Another embodiment not shown in the figures is that the two DI 403 and 405 can be put on a common substrate like a PCB or the PCB itself constitutes the dielectric material and is divided into as many DI units as required, each DI having a conductive pad for contacting the RF-circuits 109.

FIG. 5 is a top view of an antenna comprising one radiator 501 with PIFA configuration and a separate ground connection part 503. The DI 504 for the ground feed is located above ground connection part 503. The RF-feed is handled by DI 505. In this way there will be a well-defined grounding point 507 of the PIFA with the possibility to locate the ground feed at a convenient position “off” the PIFA location.

FIG. 6 is a top view of another embodiment where the antenna consists of three radiator elements, 601, 602 and 603. Each element is half wave resonant with different resonance frequencies as the length is different for each element. The elements are fed by a common DI 605 located approximately in the centre of each element. A halfway resonant antenna is not dependent on the cooperation of a ground plane and a ground feed is therefore not required in this embodiment. A half wave resonant antenna has an electrical length that is a half wavelength of the resonant frequency of the antenna as is well known to the person skilled in the art.

FIG. 7 is a top view of a radiator comprising a “treestructure” of quarter wavelength elements 701, 702, 703 and 704, having an electrical length corresponding to a quarter of the wavelength of the resonant frequency. This type of radiator is ground dependent and thus requires a ground feed. A ground feed pad 705 is therefore included in the radiator pattern as well as a RF-feed pad 707. The feeding is provided with DI 706 for ground and DI 708 for RF. The separate feeding pads ensures efficient electromagnetic coupling between RF-feed and ground in the mobile phone and the antenna. The pads can also be located at positions convenient for matching suitable feeding points in the mobile phone.

Another embodiment of the radiator is shown in FIG. 8. It is a top view of a patch radiator 801 fed a certain point through the DI 803. The patch radiator has to cooperate with a ground plane, which in this case can be the ground plane of the PCB of the mobile phone, but does not need a separate ground feed. The patch can be designed to be single or multi resonant as is well known in the art. The feeding location is chosen as to achieve a good impedance match.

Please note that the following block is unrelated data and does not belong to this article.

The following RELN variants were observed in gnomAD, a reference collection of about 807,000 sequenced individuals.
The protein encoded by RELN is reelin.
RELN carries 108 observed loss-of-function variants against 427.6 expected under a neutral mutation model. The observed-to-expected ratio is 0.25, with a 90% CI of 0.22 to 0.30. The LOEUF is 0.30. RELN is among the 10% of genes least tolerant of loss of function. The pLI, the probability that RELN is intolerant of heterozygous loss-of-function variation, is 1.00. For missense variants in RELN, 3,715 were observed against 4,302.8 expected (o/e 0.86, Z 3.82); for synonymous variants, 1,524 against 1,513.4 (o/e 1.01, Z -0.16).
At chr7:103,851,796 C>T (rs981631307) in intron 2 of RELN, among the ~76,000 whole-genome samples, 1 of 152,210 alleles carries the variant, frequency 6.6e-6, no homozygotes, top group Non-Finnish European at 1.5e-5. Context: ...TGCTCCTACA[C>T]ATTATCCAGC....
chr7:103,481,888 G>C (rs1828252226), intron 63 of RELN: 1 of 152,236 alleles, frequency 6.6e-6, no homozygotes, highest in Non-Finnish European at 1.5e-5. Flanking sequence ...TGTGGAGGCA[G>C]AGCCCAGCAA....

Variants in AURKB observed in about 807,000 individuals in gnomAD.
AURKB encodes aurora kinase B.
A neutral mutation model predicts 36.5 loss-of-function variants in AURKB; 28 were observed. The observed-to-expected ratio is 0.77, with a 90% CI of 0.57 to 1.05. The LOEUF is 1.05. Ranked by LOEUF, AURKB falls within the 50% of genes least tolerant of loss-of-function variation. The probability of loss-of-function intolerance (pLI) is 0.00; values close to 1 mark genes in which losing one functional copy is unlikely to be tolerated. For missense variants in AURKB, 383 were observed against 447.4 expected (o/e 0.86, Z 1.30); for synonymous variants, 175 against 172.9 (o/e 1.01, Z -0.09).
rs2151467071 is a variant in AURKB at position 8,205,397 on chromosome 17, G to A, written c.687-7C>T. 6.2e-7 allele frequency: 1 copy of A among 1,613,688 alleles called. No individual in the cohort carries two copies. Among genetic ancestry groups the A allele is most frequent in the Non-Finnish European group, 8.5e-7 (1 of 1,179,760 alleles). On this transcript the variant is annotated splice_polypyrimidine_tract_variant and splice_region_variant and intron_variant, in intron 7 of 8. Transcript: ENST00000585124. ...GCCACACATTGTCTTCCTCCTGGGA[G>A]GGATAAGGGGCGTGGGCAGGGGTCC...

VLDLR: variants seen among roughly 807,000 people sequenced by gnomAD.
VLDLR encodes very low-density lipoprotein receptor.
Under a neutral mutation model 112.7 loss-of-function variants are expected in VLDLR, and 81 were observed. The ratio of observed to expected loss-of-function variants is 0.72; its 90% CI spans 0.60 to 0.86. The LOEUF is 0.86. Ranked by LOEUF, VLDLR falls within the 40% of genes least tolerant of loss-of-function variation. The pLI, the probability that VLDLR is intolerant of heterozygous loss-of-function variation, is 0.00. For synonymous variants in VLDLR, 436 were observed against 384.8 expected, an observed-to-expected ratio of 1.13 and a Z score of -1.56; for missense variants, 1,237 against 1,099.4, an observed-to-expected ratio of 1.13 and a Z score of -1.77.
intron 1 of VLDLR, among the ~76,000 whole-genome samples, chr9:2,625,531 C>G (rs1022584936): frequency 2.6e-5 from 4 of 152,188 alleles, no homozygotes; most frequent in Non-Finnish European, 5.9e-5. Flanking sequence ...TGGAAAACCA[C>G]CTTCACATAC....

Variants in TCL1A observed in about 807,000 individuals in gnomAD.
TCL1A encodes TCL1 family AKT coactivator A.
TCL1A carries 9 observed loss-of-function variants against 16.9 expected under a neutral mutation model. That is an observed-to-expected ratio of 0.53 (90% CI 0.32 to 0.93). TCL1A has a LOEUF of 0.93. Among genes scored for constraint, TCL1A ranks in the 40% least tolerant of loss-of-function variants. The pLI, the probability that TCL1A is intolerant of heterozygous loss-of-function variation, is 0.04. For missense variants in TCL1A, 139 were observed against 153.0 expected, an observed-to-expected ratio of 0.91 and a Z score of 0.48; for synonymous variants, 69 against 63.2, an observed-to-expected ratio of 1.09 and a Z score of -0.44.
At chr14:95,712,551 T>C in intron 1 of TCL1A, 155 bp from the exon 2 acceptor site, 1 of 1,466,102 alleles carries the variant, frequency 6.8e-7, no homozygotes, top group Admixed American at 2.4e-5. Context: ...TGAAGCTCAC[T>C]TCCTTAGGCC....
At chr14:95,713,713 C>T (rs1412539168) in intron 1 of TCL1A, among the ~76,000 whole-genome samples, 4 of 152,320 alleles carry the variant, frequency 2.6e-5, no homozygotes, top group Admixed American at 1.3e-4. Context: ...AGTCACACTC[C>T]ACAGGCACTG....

FIG. 9 is yet another embodiment of a dual resonant coil type of radiator element seen from the top. The radiator has a coil 901 with ground feed pad 905 and shortcircuiting part or short 909. The short is effective for higher frequencies and thus makes the coil length shorter for these frequencies. For lower frequencies the short is not working and the electrical length for lower frequencies will correspond to the total coil length. The ground feed is made through DI 903 and the RF-feed through DI 907. This accomplishes an efficient and compact dual resonant antenna.

Mobile phones of today often require several antennas for different functions of the phone as e.g TV, FM-radio, GPS, Bluetooth. Sometimes it is also required to have separate receiving and transmitting antennas. As the invention makes it possible to use a large surface for antennas, e.g the complete back cover of the mobile phone it will be possible to integrate several antennas in the cover as for instance a GSM and TV-antenna.

The embodiments described above are only possible examples of how to realize the invention and should not be limiting. Over and above the embodiments described above it is of course possible within the scope of the invention to include any suitable radiating element, either ground dependent or ground independent. It is also a possibility to include separate parasitic elements that are fed from a main radiator only.